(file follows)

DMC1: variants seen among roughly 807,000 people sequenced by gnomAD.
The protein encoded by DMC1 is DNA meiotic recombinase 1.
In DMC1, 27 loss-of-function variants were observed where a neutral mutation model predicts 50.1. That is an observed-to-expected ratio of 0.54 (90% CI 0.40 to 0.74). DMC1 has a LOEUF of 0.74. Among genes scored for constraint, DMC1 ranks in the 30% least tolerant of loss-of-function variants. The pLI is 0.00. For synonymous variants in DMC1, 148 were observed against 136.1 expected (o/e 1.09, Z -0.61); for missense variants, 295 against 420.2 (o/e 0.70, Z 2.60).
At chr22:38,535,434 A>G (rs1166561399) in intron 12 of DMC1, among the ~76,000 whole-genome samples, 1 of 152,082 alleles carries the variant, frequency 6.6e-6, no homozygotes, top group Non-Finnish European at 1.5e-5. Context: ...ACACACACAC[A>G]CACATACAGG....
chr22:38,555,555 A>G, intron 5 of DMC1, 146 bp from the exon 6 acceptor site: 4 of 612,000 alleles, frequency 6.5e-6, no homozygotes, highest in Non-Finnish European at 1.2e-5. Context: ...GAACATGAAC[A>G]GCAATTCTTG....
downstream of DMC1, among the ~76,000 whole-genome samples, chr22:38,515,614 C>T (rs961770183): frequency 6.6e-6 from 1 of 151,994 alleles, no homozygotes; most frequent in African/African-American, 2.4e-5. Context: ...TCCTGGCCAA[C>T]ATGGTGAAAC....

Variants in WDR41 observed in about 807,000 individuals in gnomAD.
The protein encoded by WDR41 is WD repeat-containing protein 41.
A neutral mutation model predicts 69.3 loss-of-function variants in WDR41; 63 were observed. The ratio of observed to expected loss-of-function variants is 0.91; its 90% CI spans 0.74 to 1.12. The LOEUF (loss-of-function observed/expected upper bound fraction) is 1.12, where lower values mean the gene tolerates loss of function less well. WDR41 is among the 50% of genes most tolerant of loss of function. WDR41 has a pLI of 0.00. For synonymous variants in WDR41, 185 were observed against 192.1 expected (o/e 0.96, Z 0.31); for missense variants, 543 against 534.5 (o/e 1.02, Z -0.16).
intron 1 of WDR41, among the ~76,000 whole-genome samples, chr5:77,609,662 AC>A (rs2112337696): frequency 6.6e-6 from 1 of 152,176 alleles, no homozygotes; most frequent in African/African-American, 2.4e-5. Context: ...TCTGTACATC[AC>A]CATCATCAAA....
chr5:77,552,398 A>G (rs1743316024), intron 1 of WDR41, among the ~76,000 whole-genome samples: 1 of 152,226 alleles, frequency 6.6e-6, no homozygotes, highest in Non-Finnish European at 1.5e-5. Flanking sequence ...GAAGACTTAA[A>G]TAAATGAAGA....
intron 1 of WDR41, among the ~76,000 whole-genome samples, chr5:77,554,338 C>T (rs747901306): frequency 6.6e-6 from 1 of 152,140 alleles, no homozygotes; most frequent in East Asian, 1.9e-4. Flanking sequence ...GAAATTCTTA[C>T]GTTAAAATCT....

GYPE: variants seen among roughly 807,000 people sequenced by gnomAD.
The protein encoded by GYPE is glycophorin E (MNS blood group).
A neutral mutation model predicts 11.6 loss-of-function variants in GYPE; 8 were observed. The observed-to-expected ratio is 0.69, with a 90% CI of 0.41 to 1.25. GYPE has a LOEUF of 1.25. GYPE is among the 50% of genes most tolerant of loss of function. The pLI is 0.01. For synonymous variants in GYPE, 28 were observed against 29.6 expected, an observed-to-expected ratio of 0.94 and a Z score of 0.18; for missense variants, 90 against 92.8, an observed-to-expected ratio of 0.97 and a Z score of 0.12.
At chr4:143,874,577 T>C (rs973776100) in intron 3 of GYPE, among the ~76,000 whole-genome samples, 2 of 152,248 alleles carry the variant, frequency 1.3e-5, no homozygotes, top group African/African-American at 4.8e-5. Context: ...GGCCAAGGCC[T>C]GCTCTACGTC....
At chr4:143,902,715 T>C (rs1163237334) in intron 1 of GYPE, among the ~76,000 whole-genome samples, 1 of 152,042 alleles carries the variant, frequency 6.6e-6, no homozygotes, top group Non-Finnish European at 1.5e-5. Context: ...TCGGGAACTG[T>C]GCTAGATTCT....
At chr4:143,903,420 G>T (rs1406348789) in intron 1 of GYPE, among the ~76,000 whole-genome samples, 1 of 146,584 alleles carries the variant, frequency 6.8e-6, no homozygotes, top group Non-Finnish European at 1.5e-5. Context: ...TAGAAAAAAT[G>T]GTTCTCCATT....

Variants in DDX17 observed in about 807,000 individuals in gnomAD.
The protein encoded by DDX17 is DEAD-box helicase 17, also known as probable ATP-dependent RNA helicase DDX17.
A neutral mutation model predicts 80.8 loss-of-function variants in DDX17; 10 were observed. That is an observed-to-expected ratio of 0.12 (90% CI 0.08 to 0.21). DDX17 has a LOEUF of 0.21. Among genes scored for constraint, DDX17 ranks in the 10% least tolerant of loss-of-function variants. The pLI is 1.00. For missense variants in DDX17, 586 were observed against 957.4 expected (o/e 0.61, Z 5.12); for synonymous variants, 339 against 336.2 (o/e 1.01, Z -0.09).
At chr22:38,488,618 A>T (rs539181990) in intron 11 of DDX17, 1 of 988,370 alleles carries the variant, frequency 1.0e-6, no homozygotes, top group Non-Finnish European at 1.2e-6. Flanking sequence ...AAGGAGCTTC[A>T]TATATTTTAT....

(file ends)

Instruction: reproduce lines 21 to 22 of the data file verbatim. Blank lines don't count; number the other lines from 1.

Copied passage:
A neutral mutation model predicts 80.8 loss-of-function variants in DDX17; 10 were observed. That is an observed-to-expected ratio of 0.12 (90% CI 0.08 to 0.21). DDX17 has a LOEUF of 0.21. Among genes scored for constraint, DDX17 ranks in the 10% least tolerant of loss-of-function variants. The pLI is 1.00. For missense variants in DDX17, 586 were observed against 957.4 expected (o/e 0.61, Z 5.12); for synonymous variants, 339 against 336.2 (o/e 1.01, Z -0.09).
At chr22:38,488,618 A>T (rs539181990) in intron 11 of DDX17, 1 of 988,370 alleles carries the variant, frequency 1.0e-6, no homozygotes, top group Non-Finnish European at 1.2e-6. Flanking sequence ...AAGGAGCTTC[A>T]TATATTTTAT....